I remember meeting with the local plastic surgeon when she was two weeks old. Being told that, since it was "only a cleft palate", he wouldn't recommend that she avoid having children of her own. I remember being horribly offended by that, astonished by it. Even as he said it wouldn't be an issue for her, I remember thinking, so what if it was? I remember being told they would do nothing until she was a year old. I remember being told about Shriner's. I remember Daddy Mac and I agonizing over whether or not to apply, discussing it with our doctor, each other, our parents. I remember turning in all the paperwork. I remember getting the call that they wanted to see her. I remember getting hearing tests done that she failed. Going to the ENT. Having tubes placed - her first surgery. I remember thinking how hard that was, and how terrifying her palate repair was. I remember flying to Chicago, meeting the cleft team. I remember crying right there in the team meeting when they told us they were going to take her on as a patient. I remember getting the call a month later to schedule her palate repair. I remember agonizing over which date to chose - two weeks before Christmas or two weeks before her birthday? We decided to wait. I remember flying out for the surgery. I remember being a bundle of nerves. Staying with her in the hospital the night before, I think I slept maybe two hours. I cried again. I cried a lot then. I remember them giving her versed in pre-op, then taking her back. I remember walking out of pre-op and crying again. I remember feeling lost - where should I go? What should I do? Daddy Mac was with me, so was my mom. I remember them paging us that she was out. The ENT came out first - they replaced one tube, the other they left. Then the plastic surgeon. Everything went great, they will come get you when she's ready in post op. I remember seeing her for the first time in post-op. I cried some more. Saw the black thread they looped through her tongue, so that if they needed to work on her airway they could quickly get her tongue out of the way. That was scary. I remember her screaming, crying as she came out of anesthesia (she has never liked anesthesia). I remember holding her, crying more. Someone made me go eat. My mom held her. Daddy Mac held her, held back his tears. Maybe he cried at the hotel. I remember they let me feed her that first day with syringe. She was much happier after she ate. I remember the nurses telling me that babies rarely ate that well after surgery. She drank 20 oz the first day. I remember taking her down to the cafeteria for breakfast the next morning - she ate yogurt, applesauce, oatmeal, formula. More than she'd ever eaten. They let us go at lunch time. By that night, she was back to herself, mad about the arm restraints. I remember the stares in the restaurant we ate at that night, in the airport the next day.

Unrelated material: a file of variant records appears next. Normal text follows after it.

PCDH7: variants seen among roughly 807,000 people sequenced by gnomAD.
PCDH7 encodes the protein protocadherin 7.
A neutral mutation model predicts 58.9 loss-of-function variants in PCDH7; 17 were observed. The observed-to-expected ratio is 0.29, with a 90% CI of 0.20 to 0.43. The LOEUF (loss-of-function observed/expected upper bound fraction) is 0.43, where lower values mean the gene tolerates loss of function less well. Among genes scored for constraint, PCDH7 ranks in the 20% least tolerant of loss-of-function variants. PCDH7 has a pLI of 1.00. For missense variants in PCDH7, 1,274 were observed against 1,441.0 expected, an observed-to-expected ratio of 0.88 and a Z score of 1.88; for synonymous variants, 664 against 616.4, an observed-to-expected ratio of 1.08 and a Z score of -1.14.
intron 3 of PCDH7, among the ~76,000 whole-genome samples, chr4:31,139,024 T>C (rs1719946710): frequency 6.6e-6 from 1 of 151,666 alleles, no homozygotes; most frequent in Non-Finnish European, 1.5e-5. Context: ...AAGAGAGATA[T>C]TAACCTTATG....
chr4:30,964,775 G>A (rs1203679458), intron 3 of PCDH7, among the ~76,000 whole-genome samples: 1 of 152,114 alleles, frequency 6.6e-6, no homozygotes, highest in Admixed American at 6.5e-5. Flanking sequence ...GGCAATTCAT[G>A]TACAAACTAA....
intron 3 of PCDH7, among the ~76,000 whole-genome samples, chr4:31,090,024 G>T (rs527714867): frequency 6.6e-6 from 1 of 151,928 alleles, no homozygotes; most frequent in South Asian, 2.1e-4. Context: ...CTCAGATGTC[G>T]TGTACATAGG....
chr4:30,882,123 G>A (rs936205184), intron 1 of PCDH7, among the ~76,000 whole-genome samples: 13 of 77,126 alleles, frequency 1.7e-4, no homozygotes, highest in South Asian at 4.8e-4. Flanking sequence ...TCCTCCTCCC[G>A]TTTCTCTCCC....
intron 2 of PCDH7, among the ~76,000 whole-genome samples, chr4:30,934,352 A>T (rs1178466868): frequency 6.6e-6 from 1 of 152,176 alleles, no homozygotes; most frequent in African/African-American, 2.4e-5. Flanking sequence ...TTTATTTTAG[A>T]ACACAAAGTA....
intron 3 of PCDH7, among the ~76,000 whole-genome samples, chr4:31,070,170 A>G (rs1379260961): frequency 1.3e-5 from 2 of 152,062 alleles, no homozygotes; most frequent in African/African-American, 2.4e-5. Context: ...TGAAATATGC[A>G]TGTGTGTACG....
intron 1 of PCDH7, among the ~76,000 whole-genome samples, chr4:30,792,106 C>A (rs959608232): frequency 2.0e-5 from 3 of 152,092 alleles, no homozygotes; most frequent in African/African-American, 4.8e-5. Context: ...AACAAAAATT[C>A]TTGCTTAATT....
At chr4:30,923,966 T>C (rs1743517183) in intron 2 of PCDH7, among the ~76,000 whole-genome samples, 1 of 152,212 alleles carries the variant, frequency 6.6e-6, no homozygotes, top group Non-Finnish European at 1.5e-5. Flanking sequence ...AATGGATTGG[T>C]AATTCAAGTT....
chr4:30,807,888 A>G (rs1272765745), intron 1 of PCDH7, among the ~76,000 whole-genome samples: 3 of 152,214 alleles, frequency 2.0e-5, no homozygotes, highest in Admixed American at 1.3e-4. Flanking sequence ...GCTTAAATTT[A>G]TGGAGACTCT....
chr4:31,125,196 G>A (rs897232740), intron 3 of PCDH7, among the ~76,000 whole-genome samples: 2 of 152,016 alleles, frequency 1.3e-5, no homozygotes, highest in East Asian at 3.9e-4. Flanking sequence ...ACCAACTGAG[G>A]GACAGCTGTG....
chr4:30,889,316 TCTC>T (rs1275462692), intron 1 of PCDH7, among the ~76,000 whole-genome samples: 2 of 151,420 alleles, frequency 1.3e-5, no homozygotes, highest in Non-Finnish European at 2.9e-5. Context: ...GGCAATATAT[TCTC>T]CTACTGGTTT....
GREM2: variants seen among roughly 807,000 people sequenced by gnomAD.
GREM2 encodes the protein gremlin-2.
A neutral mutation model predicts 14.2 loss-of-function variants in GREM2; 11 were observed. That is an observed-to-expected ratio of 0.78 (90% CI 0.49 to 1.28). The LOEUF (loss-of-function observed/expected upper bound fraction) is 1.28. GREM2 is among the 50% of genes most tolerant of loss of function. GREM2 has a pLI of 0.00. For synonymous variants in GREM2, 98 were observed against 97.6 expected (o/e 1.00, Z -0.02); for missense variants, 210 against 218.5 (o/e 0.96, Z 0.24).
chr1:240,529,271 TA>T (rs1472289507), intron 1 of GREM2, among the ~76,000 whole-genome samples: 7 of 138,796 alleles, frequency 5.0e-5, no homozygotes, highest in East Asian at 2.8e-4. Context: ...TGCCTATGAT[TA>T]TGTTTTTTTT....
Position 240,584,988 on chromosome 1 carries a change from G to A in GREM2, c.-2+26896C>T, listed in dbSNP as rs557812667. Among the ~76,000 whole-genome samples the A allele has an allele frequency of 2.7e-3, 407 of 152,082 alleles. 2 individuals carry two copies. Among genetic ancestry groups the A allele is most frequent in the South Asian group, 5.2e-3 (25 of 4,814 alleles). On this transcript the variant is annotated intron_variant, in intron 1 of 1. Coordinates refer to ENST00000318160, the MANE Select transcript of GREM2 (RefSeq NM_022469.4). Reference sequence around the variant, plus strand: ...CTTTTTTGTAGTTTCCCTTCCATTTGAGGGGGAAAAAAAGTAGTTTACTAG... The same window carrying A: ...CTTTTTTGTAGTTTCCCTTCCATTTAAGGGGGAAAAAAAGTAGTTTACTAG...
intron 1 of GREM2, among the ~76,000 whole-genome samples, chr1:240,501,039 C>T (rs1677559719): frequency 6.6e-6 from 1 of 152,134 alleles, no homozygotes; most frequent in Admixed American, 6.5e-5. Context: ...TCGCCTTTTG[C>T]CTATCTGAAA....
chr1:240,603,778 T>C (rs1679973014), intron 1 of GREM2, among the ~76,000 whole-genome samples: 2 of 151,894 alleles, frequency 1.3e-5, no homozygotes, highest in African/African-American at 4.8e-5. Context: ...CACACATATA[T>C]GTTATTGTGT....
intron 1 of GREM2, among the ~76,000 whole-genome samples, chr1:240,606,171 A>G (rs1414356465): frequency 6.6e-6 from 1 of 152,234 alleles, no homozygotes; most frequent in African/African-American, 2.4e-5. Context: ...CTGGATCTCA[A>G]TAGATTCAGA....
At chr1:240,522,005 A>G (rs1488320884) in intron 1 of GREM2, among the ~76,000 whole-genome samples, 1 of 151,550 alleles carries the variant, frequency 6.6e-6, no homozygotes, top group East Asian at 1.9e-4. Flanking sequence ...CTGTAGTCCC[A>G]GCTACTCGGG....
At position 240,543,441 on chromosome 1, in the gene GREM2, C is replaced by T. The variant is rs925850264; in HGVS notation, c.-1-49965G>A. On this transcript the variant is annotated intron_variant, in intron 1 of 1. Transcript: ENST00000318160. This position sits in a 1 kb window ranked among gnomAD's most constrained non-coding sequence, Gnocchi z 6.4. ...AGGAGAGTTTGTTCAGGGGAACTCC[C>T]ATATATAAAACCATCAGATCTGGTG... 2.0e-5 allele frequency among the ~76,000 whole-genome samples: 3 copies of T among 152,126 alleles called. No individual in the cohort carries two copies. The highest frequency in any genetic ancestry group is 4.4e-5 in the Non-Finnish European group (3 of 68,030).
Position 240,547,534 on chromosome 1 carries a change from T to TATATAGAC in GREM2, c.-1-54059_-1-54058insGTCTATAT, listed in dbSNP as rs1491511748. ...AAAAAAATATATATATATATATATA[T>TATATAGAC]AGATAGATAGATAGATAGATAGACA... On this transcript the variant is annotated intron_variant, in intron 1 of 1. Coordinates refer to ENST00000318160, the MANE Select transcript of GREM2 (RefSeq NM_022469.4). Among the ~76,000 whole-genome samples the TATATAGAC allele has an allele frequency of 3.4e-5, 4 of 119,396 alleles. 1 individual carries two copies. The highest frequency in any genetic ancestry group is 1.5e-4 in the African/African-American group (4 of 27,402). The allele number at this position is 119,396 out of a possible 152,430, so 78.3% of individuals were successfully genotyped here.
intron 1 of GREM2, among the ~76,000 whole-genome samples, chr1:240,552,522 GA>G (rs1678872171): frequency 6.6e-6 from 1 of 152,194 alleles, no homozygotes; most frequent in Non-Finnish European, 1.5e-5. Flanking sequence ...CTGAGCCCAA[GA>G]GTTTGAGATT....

I remember every second. I still cry about it, sometimes. At night. When I write these posts. When we get good news. When we heard she needs surgery again, she doesn't need surgery, she needs speech therapy, she doesn't need speech therapy anymore, she's normal. Normal. What is normal? That always runs through my mind. SHE is normal. She is our normal. She is perfect. I remember that.